Treating H441 cells with dexamethasone raised the abundance of mRNA encoding the epithelial Na+ channel a- and -subunits and increased transepithelial ion transport (measured as short-circuit current, Isc) from <4 µA·cm–2 to 10–20 µA·cm–2. This dexamethasone-stimulated ion transport was blocked by amiloride analogs with a rank order of potency of benzamil = amiloride > EIPA and can thus be attributed to active Na+ absorption. Studies of apically permeabilized cells showed that this increased transport activity did not reflect a rise in Na+ pump capacity, whereas studies of basolateral permeabilized cells demonstrated that dexamethasone increased apical Na+ conductance (GNa) from a negligible value to 100–200 µS·cm–2. Experiments that explored the ionic selectivity of this dexamethasone-induced conductance showed that it was equally permeable to Na+ and Li+ and that the permeability to these cations was approximately fourfold greater than to K+. There was also a small permeability to N-methyl-D-glucammonium, a nominally impermeant cation. Forskolin, an agent that increases cellular cAMP content, caused an ~60% increase in Isc, and measurements made after these cells had been basolaterally permeabilized demonstrated that this response was associated with a rise in GNa. This cAMP-dependent control over GNa was disrupted by brefeldin A, an inhibitor of vesicular trafficking. Dexamethasone thus stimulates Na+ transport in H441 cells by evoking expression of an amiloride-sensitive apical conductance that displays moderate ionic selectivity and is subject to acute control via a cAMP-dependent pathway.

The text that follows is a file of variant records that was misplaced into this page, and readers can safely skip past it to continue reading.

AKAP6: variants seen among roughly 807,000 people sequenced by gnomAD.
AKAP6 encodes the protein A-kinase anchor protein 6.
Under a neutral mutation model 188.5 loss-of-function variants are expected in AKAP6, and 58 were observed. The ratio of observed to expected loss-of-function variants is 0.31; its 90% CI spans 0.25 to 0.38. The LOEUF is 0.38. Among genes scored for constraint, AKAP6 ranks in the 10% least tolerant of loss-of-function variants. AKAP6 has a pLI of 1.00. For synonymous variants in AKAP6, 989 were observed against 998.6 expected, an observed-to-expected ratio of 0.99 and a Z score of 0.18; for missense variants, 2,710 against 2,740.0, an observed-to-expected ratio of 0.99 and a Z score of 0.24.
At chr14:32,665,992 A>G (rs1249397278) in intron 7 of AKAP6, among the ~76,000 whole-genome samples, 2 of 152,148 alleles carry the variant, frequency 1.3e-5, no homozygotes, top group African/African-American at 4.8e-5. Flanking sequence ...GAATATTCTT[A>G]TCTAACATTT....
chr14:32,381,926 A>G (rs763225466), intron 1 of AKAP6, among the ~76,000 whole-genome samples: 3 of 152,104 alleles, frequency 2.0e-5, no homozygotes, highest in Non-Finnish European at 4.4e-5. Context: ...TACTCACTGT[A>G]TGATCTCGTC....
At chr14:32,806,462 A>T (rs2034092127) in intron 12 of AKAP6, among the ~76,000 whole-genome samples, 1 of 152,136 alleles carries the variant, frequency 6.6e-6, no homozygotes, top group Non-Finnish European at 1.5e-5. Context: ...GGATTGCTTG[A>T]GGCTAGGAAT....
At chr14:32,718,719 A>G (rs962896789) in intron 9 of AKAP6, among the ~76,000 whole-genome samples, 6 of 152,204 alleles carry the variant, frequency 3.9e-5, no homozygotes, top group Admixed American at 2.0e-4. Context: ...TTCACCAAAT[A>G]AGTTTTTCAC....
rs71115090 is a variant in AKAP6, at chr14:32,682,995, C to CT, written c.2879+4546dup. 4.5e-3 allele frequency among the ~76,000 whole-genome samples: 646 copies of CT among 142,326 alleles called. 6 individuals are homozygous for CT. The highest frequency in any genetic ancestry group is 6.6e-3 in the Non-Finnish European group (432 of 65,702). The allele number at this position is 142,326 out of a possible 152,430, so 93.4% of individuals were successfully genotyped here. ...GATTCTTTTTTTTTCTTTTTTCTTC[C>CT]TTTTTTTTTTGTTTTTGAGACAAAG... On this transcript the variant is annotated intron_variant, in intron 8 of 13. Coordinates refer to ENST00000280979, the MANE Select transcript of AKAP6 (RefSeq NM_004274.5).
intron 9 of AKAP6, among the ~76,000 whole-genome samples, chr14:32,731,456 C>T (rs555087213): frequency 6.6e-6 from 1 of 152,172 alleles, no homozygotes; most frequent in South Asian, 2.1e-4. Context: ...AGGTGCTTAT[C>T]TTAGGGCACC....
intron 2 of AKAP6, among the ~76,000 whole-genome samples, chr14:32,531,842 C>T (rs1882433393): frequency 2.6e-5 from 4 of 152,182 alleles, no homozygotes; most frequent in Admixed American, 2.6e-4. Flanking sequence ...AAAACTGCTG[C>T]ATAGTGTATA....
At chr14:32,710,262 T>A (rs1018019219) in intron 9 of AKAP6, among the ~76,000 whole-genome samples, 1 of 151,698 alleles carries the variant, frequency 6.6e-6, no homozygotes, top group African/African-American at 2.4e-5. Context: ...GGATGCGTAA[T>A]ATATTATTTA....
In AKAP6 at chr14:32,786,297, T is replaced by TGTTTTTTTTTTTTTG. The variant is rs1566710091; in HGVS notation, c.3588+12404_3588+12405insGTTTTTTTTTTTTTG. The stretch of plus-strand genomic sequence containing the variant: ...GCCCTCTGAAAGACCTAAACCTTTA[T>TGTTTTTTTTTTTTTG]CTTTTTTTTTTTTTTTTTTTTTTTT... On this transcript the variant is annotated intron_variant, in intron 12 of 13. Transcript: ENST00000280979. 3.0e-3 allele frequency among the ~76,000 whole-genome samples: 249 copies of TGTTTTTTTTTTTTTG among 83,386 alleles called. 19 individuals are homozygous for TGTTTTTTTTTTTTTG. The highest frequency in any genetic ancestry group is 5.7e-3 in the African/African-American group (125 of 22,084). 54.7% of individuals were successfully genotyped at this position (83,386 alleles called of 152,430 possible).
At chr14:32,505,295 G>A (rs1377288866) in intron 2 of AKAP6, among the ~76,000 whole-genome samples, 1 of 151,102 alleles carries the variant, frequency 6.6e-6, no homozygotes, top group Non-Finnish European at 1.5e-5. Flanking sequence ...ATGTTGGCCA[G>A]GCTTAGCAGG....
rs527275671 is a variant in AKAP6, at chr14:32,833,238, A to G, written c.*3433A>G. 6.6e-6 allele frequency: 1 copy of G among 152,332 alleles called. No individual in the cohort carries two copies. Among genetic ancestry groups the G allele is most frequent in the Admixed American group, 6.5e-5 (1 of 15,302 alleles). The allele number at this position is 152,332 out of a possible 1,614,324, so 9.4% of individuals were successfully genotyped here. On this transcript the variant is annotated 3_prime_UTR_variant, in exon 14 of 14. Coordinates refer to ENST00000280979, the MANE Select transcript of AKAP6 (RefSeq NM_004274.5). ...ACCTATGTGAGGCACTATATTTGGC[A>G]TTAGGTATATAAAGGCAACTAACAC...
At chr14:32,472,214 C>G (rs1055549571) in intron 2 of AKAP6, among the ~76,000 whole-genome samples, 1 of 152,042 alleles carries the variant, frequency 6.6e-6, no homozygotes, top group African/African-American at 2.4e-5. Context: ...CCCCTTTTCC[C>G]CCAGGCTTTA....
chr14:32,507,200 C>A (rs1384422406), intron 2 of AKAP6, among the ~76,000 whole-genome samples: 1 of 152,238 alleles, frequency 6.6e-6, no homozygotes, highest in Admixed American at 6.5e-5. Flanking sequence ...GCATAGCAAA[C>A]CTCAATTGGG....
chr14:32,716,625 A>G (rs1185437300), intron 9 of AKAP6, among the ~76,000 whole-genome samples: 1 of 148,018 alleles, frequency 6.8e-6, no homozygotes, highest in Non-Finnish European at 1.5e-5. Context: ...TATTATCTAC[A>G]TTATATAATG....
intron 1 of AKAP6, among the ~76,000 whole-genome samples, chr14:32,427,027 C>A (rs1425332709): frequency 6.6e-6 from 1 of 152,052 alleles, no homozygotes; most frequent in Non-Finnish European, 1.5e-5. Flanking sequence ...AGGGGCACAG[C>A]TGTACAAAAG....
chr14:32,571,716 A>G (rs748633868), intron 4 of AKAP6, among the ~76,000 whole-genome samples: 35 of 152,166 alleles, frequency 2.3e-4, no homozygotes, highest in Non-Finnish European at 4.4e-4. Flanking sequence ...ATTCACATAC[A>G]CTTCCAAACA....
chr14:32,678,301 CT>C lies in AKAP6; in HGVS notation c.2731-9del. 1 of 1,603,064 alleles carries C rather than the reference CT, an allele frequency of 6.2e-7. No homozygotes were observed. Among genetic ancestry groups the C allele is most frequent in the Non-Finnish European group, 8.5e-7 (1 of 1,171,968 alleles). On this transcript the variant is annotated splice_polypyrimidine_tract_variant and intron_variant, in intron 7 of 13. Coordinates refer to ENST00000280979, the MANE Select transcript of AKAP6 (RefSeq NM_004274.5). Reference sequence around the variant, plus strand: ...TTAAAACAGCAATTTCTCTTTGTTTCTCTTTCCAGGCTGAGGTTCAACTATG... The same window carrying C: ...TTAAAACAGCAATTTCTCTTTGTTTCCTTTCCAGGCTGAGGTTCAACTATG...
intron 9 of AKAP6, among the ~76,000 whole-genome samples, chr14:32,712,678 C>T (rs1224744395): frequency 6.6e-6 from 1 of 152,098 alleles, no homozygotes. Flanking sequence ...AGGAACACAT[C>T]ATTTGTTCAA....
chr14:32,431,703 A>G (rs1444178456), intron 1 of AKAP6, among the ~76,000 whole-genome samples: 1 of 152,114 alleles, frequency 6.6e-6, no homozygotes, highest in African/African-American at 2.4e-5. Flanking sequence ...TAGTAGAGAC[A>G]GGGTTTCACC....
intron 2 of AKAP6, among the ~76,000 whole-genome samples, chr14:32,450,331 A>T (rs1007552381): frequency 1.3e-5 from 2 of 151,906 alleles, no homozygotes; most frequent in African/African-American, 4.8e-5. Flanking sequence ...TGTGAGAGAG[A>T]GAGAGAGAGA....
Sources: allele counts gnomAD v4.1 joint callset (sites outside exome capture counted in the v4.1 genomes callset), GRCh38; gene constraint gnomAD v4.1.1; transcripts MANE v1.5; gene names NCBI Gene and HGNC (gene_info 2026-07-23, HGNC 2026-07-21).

|Journal||American Journal of Physiology: Lung Cellular and Molecular Physiology|
|Publication status||Published - Aug 2004|
- Airway epithelium
- Epithelial sodium channel
- Ussing chambers
- Apical membrane